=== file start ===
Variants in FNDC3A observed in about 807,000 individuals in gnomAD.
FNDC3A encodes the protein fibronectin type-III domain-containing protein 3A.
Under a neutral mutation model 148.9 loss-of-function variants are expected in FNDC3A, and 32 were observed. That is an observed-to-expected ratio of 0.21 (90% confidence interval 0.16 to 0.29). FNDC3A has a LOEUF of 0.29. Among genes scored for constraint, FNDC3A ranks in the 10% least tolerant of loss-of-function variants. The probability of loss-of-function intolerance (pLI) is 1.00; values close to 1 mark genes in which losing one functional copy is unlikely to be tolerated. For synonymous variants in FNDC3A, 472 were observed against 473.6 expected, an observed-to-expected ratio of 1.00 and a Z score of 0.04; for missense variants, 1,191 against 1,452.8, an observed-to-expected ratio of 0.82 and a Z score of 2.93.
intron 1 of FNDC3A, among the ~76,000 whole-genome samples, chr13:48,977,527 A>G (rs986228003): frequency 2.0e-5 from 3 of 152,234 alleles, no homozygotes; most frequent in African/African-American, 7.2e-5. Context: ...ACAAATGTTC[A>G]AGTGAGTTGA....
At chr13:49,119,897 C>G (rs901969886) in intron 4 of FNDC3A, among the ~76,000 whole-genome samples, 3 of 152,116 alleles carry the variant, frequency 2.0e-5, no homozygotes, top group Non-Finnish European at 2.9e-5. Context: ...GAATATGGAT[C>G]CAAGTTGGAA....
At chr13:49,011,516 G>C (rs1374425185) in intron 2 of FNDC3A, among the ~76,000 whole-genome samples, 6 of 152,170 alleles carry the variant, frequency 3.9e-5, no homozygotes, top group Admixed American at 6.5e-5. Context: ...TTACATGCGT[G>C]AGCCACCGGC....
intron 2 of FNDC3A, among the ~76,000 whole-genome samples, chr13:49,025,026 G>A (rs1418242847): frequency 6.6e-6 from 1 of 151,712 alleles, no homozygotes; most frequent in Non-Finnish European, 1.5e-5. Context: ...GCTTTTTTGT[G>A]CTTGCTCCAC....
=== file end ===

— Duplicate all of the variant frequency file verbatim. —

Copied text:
Variants in FNDC3A observed in about 807,000 individuals in gnomAD.
FNDC3A encodes the protein fibronectin type-III domain-containing protein 3A.
Under a neutral mutation model 148.9 loss-of-function variants are expected in FNDC3A, and 32 were observed. That is an observed-to-expected ratio of 0.21 (90% confidence interval 0.16 to 0.29). FNDC3A has a LOEUF of 0.29. Among genes scored for constraint, FNDC3A ranks in the 10% least tolerant of loss-of-function variants. The probability of loss-of-function intolerance (pLI) is 1.00; values close to 1 mark genes in which losing one functional copy is unlikely to be tolerated. For synonymous variants in FNDC3A, 472 were observed against 473.6 expected, an observed-to-expected ratio of 1.00 and a Z score of 0.04; for missense variants, 1,191 against 1,452.8, an observed-to-expected ratio of 0.82 and a Z score of 2.93.
intron 1 of FNDC3A, among the ~76,000 whole-genome samples, chr13:48,977,527 A>G (rs986228003): frequency 2.0e-5 from 3 of 152,234 alleles, no homozygotes; most frequent in African/African-American, 7.2e-5. Context: ...ACAAATGTTC[A>G]AGTGAGTTGA....
At chr13:49,119,897 C>G (rs901969886) in intron 4 of FNDC3A, among the ~76,000 whole-genome samples, 3 of 152,116 alleles carry the variant, frequency 2.0e-5, no homozygotes, top group Non-Finnish European at 2.9e-5. Context: ...GAATATGGAT[C>G]CAAGTTGGAA....
At chr13:49,011,516 G>C (rs1374425185) in intron 2 of FNDC3A, among the ~76,000 whole-genome samples, 6 of 152,170 alleles carry the variant, frequency 3.9e-5, no homozygotes, top group Admixed American at 6.5e-5. Context: ...TTACATGCGT[G>C]AGCCACCGGC....
intron 2 of FNDC3A, among the ~76,000 whole-genome samples, chr13:49,025,026 G>A (rs1418242847): frequency 6.6e-6 from 1 of 151,712 alleles, no homozygotes; most frequent in Non-Finnish European, 1.5e-5. Context: ...GCTTTTTTGT[G>A]CTTGCTCCAC....